06/05/2020 | Press release | Distributed by Public on 06/05/2020 12:32
Results published in Science Immunology showed that Calquence (acalabrutinib), a Bruton's tyrosine kinase (BTK) inhibitor, reduced markers of inflammation and improved clinical outcomes of patients with severe COVID-19 disease.1
The peer-reviewed case series of 19 hospitalised patients with COVID-19 disease and severe hypoxia and/or inflammation is a collaboration from investigators across the US, including AstraZeneca scientists, and led by Wyndham Wilson, M.D., Ph.D. and Louis Staudt, M.D., Ph.D. at the National Cancer Institute of the National Institutes of Health in the US.
The publication describes the effects of Calquence administration in patients with severe respiratory illness caused by the SARS-CoV-2 virus.1 A virus-induced hyperimmune response or 'cytokine storm' is hypothesised to be a major pathogenic mechanism of respiratory illness in these patients, and evidence suggests that dysregulated BTK-dependent lung macrophage signalling mediates this cytokine storm and plays a role in COVID-19 pneumonia. 2-7
José Baselga, Executive Vice President, Oncology R&D, said: 'The science supporting investigation of the use of Calquence in patients with severe COVID-19 is strong. The encouraging preliminary data in this case series has informed the initiation of global phase II trials, notably the CALAVI programme. We look forward to completing recruitment and obtaining data in these trials as soon as possible to further our understanding of what this potential treatment could mean for patients.'
Calquence is a next-generation, selective BTK inhibitor currently approved in the US for the treatment of certain haematological malignancies.8-10Calquence is not currently approved in any country to treat patients with illnesses related to SARS-CoV-2.
The CALAVI programme comprises two randomised, open-label, multicentre, global trials evaluating the efficacy and safety of Calquence with best supportive care (BSC) versus BSC alone in patients hospitalised with respiratory complications of COVID-19. These trials are evaluating the addition of Calquence to current BSC in patients who are hospitalised but not on assisted ventilation. These trials are being conducted around the world: one trial in the US and one trial ex-US including Europe, Japan and South America. The primary efficacy endpoint measures the number of patients alive and free of respiratory failure following treatment.11,12
Coronavirus disease 2019 (COVID-19) is a new pandemic disease caused by the severe acute respiratory syndrome coronavirus 2 (SARS-CoV-2). Most COVID-19 cases (~80%) are mild respiratory illnesses.13,14 However, some require hospitalisation, mostly due to pneumonia, and can progress quickly to severe acute lung injury and acute respiratory distress syndrome (ARDS), which is associated with high mortality.3,15 A viral-induced 'cytokine storm' or hyperimmune response is hypothesised to be a major pathogenic mechanism of ARDS in these patients through modulation of pulmonary macrophages and dendritic cells and/or neutrophils.4,7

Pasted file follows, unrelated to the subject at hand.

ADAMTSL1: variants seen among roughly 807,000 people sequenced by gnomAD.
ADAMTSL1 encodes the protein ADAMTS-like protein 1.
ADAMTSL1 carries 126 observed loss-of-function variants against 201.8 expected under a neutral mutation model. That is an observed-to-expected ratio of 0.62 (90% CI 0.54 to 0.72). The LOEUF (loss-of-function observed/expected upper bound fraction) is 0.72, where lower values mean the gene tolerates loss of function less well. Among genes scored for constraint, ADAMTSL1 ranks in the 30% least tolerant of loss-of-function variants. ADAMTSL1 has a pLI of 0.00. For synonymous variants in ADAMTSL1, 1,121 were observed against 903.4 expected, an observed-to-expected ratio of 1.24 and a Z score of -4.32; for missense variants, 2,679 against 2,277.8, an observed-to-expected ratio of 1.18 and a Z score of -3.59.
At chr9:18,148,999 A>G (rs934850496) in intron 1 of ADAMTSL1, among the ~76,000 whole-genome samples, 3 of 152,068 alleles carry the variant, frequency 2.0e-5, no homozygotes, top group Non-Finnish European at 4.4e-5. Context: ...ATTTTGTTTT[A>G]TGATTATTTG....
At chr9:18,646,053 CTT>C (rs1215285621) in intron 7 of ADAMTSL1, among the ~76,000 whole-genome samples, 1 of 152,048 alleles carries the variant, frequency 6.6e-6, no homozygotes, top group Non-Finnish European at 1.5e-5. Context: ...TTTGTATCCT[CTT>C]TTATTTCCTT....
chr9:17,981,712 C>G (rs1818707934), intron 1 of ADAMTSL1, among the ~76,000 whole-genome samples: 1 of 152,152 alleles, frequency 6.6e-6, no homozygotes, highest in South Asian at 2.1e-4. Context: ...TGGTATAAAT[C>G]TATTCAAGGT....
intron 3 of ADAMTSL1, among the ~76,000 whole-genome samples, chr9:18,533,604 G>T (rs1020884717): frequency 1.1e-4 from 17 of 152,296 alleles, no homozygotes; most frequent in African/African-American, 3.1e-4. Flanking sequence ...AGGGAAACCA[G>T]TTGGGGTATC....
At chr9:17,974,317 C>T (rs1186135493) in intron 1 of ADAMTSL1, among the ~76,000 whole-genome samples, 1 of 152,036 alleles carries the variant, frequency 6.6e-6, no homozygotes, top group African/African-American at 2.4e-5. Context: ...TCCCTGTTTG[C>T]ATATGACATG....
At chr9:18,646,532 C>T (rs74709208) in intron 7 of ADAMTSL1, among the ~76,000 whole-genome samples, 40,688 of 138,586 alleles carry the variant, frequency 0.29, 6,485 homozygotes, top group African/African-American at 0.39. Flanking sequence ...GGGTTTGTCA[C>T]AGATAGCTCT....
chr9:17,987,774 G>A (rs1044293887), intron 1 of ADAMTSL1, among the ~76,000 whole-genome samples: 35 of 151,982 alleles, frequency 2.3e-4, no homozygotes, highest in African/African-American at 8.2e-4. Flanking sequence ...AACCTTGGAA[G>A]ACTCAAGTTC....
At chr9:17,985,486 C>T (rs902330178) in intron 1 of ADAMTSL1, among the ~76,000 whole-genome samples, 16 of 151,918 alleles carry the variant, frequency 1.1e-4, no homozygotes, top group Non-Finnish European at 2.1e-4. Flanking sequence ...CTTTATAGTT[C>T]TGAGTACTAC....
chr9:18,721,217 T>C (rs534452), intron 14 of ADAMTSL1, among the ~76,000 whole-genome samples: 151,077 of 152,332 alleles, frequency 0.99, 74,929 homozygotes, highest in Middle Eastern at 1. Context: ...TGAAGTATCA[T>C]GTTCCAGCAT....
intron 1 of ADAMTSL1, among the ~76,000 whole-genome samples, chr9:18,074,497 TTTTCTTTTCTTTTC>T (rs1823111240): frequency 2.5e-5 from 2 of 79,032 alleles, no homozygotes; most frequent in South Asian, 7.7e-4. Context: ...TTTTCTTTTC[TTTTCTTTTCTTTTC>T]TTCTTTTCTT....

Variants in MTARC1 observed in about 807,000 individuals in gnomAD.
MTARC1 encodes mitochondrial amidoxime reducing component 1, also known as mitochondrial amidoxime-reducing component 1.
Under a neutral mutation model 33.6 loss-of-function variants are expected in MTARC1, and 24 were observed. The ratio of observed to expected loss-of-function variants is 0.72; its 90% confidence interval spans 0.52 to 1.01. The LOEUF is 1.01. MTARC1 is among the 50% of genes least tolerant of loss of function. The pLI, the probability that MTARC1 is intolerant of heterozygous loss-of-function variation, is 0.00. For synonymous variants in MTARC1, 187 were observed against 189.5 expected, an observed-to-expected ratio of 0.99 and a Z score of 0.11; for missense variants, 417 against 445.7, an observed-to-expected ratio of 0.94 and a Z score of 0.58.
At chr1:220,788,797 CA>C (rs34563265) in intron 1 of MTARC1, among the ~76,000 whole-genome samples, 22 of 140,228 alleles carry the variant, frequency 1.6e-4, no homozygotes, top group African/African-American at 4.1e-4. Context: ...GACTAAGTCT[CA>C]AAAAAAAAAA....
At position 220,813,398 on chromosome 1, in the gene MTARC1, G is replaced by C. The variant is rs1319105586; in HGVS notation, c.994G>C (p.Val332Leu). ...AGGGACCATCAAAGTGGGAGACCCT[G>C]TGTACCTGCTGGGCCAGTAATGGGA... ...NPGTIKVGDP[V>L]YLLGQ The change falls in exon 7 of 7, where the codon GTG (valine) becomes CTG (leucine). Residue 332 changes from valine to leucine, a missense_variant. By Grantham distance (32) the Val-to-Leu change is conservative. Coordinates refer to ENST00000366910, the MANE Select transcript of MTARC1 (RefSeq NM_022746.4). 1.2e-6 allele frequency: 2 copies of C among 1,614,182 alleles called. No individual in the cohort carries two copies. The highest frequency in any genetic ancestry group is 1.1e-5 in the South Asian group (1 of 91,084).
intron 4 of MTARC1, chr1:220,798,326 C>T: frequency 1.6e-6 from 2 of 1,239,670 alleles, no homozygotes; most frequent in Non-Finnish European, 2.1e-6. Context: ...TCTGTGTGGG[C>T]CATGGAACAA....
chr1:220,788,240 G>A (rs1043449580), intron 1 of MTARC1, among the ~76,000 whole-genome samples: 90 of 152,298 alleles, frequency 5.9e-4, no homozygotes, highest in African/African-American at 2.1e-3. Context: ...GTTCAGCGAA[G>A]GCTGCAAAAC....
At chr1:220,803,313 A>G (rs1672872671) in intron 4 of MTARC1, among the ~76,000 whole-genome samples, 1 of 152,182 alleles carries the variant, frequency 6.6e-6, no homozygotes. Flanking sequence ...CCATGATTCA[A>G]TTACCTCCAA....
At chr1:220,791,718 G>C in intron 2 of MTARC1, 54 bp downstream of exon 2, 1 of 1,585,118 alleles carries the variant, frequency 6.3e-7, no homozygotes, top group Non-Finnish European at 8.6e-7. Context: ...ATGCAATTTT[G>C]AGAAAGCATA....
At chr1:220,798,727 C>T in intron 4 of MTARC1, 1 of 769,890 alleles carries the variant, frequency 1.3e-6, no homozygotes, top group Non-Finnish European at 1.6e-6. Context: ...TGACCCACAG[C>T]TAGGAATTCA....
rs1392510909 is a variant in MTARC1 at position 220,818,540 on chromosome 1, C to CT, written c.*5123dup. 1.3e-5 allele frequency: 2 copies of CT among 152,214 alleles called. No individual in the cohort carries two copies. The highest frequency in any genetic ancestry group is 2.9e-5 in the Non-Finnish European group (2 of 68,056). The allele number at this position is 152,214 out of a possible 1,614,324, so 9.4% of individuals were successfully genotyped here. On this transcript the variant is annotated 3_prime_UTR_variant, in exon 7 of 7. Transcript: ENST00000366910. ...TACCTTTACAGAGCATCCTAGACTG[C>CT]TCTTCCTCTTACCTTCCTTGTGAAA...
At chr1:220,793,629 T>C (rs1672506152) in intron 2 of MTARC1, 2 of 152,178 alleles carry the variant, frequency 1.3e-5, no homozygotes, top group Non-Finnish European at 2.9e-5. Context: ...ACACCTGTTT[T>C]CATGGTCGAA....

Calquence is a next-generation, selective inhibitor of Bruton's tyrosine kinase (BTK). Calquence binds covalently to BTK, thereby inhibiting its activity.8-10 In B-cells, BTK signalling results in activation of pathways necessary for B-cell proliferation, trafficking, chemotaxis, and adhesion.10
In the US, Australia, the United Arab Emirates, and India, Calquence is approved for the treatment of adult patients with chronic lymphocytic leukaemia (CLL) or small lymphocytic lymphoma (SLL), and in Canada for CLL. Calquence is also approved in the US and a few other countries for adult patients with mantle cell lymphoma (MCL) who have received at least one prior therapy. This indication is approved in the US under accelerated approval based on overall response rate. Continued approval for this indication may be contingent upon verification and description of clinical benefit in confirmatory trials.
Calquence is not currently approved in any country to treat patients with illnesses related to SARS-CoV-2.
In lung macrophages, Bruton's tyrosine kinase (BTK) is a key regulator of the production of multiple cytokines and chemokines including TNFa, IL-6, IL-10, and MCP-1, among others. BTK inhibition reduces the production of these cytokines and is, therefore, a promising strategy to reduce the respiratory complications of COVID-19.15
There is evidence that dysregulated BTK-dependent macrophage signalling may be central to the exaggerated inflammatory responses to SARS-COV-2 and play a role in COVID-19 pneumonia and acute respiratory distress syndrome (ARDS). 3-6 In macrophages, TLR3, TLR7 and TLR8 can recognise single strand RNA from viruses such as SARS-COV-2 and initiate signalling through BTK-dependent activation of NF-kB and IRF3, triggering the production of multiple inflammatory cytokines and chemokines. 4-7 In support of the role of BTK inhibition, therapeutic inhibition of BTK in patients with lymphoid malignancies results in decreased proinflammatory cytokines and chemokines. Similar findings have been observed in mouse influenza models, where BTK inhibition also decreased these inflammatory mediators and rescued mice from lethal acute lung injury.
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